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My husband grand father died and he has property still in his name. how can we change it?

Augusta, GA |

His will got changed few week before he died of alztimers. but had no mention of land but all his other belongings got left to a friend of his that got him to change the will. we have been paying taxes on it for the last 10 yrs. what are our options on getting name changes? Where should we start?.

Attorney Answers 5


  1. Get a copy of the will and take it to a recommended probate lawyer practicing in your county.


  2. Ten years ago, you should have hired a probate lawyer. Whether you have any right to the land depends on the will and other facts you didn't share. See a lawyer now,

    If you find this answer helpful, please mark it here on AVVO as helpful. In answering you, I am attempting to communicate general legal information and am not representing you (and am not your lawyer). Do feel free to call me at 404-768-3509 if you wish to discuss actual representation (the phone call also does not retain counsel; that requires an office visit and appropriate paperwork). In that a forum such as this provides me with limited details and doesn't allow me to review details and documents, it is possible that answers here, while meant to be helpful, may in some cases not be complete or accurate, and I highly recommend that you retain legal counsel rather than rely on the answers here. (You can also email my office at geaatl@msn.com . An email also does not retain my office, but can help you get an appointment set if you prefer not to call). I am happy to discuss possible representation with you. Any information in this communication is for discussion purposes only, and is not offered as legal advice. There is no right to rely on the information contained in this communication and no attorney-client relationship is formed. Nothing in my answer should be considered as tax-advice. To ensure compliance with IRS Circular 230, any U.S. federal tax advice provided in this communication is not intended or written to be used, and it cannot be used by the recipient or any other taxpayer (i) for the purpose of avoiding tax penalties that may be imposed on the recipient or any other taxpayer, or (ii) in promoting, marketing or recommending to another party a partnership or other entity, investment plan, arrangement or other transaction addressed herein. I am also required to advise you, if your question concerns bankruptcy, that the U.S. Congress has designated Ashman Law Office as a debt relief agency that can help people file bankruptcy.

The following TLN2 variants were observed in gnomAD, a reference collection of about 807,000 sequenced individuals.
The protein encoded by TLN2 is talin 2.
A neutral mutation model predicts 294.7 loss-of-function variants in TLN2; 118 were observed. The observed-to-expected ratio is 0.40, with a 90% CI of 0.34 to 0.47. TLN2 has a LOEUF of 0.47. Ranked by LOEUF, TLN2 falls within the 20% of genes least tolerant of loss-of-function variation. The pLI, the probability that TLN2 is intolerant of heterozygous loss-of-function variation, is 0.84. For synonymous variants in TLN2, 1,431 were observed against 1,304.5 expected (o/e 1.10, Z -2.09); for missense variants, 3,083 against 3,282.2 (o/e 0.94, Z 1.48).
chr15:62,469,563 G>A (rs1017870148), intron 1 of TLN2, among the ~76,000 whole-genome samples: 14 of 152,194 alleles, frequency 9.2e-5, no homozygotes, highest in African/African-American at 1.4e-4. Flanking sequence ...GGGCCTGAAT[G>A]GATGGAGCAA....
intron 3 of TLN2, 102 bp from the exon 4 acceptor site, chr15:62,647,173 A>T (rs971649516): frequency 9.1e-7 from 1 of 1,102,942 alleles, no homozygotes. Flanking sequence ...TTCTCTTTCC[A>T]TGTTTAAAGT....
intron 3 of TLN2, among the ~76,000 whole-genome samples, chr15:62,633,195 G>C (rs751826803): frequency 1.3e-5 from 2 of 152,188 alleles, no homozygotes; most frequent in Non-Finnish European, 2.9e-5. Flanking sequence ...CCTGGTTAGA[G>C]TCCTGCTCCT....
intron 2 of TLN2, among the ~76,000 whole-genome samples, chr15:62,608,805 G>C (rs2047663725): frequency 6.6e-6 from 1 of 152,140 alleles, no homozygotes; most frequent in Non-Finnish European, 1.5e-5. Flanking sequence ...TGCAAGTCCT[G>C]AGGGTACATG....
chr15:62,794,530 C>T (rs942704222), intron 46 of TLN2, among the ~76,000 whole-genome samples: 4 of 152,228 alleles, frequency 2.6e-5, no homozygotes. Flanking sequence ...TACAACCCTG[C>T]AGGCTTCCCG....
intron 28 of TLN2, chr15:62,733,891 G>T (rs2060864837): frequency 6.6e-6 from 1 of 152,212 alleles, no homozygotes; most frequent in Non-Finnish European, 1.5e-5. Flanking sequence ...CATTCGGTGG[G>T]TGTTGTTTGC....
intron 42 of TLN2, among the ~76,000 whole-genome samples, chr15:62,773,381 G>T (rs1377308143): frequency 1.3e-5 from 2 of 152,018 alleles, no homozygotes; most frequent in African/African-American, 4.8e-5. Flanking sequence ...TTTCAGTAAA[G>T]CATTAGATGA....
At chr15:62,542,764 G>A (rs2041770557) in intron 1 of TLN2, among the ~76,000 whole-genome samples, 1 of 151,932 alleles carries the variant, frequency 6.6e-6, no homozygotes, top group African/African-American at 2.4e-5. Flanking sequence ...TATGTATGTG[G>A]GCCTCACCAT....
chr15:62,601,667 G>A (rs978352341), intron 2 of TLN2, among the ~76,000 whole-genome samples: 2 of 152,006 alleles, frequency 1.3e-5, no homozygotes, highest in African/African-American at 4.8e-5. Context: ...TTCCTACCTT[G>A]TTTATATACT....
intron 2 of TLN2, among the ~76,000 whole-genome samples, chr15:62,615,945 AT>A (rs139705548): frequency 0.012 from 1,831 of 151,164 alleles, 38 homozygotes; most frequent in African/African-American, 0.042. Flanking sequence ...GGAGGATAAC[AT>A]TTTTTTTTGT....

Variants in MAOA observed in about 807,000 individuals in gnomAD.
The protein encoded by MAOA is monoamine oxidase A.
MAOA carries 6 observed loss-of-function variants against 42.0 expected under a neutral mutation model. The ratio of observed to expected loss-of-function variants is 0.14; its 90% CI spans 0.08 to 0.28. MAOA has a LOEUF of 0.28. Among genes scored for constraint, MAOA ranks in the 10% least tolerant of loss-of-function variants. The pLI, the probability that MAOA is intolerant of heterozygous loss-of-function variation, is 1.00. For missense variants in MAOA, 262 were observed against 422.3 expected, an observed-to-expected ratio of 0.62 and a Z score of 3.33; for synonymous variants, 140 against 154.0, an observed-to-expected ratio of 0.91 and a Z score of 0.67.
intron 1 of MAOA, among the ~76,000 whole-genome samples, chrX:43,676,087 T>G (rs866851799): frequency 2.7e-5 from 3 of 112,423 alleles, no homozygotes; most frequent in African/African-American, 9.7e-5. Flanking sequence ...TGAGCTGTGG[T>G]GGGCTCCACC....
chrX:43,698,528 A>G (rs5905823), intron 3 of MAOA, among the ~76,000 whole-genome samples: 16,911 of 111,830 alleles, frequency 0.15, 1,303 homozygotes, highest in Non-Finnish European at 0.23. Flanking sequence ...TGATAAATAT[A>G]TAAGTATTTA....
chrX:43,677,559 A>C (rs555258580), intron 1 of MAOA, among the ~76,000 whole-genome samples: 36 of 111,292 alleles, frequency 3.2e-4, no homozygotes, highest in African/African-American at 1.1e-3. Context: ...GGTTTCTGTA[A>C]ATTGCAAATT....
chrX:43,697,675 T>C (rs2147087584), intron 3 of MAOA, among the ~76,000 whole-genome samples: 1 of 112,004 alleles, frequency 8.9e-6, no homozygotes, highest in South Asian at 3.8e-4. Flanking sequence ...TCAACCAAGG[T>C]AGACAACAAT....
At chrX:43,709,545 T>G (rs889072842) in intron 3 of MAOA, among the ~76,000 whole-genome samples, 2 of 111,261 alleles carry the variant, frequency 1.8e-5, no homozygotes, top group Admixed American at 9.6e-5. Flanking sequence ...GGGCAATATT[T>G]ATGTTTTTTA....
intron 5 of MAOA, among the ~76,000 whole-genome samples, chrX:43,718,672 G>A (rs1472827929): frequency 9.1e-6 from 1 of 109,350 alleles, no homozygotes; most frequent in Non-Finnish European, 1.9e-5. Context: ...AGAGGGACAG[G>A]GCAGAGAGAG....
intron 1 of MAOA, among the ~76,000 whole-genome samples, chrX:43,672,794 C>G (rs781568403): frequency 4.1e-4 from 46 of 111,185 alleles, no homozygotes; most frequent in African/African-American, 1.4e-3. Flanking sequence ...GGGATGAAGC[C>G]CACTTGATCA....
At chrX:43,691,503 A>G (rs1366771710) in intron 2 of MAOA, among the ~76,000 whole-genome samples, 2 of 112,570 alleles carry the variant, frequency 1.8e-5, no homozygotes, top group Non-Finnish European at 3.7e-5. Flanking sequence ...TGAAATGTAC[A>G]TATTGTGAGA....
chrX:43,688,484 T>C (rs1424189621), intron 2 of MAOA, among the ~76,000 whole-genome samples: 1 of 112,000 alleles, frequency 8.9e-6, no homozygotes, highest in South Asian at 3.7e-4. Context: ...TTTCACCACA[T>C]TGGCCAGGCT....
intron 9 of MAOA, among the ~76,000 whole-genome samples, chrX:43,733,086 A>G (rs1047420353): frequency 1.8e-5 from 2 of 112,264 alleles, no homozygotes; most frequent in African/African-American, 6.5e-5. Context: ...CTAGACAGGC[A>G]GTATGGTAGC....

3. I think you should run, not walk, to a lawyer to review the situation. The will controls where the land goes, but .. according to the facts you presented, the will got changed a few weeks before the deceased died from Alzheimers. I have known many alzheimers cases through the years, including my own mother, and generally, by the time the disease has progressed to a terminal conclusion, testamentary capacity has longed since disappeared. That said, challenging a will can be an expensive and time consuming process. You need a lawyer to at least look over the situation for you.